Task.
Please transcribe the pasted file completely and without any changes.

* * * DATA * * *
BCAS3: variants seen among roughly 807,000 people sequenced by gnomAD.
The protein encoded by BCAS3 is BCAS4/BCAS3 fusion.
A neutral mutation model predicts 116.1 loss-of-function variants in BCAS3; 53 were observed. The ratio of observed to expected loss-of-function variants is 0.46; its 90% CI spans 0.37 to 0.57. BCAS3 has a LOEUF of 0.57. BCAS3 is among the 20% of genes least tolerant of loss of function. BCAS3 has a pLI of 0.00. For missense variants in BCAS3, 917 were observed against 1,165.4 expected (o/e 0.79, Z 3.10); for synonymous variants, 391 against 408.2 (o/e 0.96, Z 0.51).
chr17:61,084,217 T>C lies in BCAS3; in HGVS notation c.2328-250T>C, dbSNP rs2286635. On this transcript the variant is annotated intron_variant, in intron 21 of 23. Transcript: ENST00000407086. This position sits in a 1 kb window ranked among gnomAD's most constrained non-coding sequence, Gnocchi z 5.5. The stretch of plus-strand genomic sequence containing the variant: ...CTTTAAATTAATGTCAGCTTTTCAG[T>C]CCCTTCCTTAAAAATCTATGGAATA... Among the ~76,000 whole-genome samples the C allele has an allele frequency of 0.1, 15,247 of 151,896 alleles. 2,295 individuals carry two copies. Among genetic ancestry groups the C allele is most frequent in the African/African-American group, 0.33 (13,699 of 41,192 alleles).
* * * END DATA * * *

BCAS3: variants seen among roughly 807,000 people sequenced by gnomAD.
The protein encoded by BCAS3 is BCAS4/BCAS3 fusion.
A neutral mutation model predicts 116.1 loss-of-function variants in BCAS3; 53 were observed. The ratio of observed to expected loss-of-function variants is 0.46; its 90% CI spans 0.37 to 0.57. BCAS3 has a LOEUF of 0.57. BCAS3 is among the 20% of genes least tolerant of loss of function. BCAS3 has a pLI of 0.00. For missense variants in BCAS3, 917 were observed against 1,165.4 expected (o/e 0.79, Z 3.10); for synonymous variants, 391 against 408.2 (o/e 0.96, Z 0.51).
chr17:61,084,217 T>C lies in BCAS3; in HGVS notation c.2328-250T>C, dbSNP rs2286635. On this transcript the variant is annotated intron_variant, in intron 21 of 23. Transcript: ENST00000407086. This position sits in a 1 kb window ranked among gnomAD's most constrained non-coding sequence, Gnocchi z 5.5. The stretch of plus-strand genomic sequence containing the variant: ...CTTTAAATTAATGTCAGCTTTTCAG[T>C]CCCTTCCTTAAAAATCTATGGAATA... Among the ~76,000 whole-genome samples the C allele has an allele frequency of 0.1, 15,247 of 151,896 alleles. 2,295 individuals carry two copies. Among genetic ancestry groups the C allele is most frequent in the African/African-American group, 0.33 (13,699 of 41,192 alleles).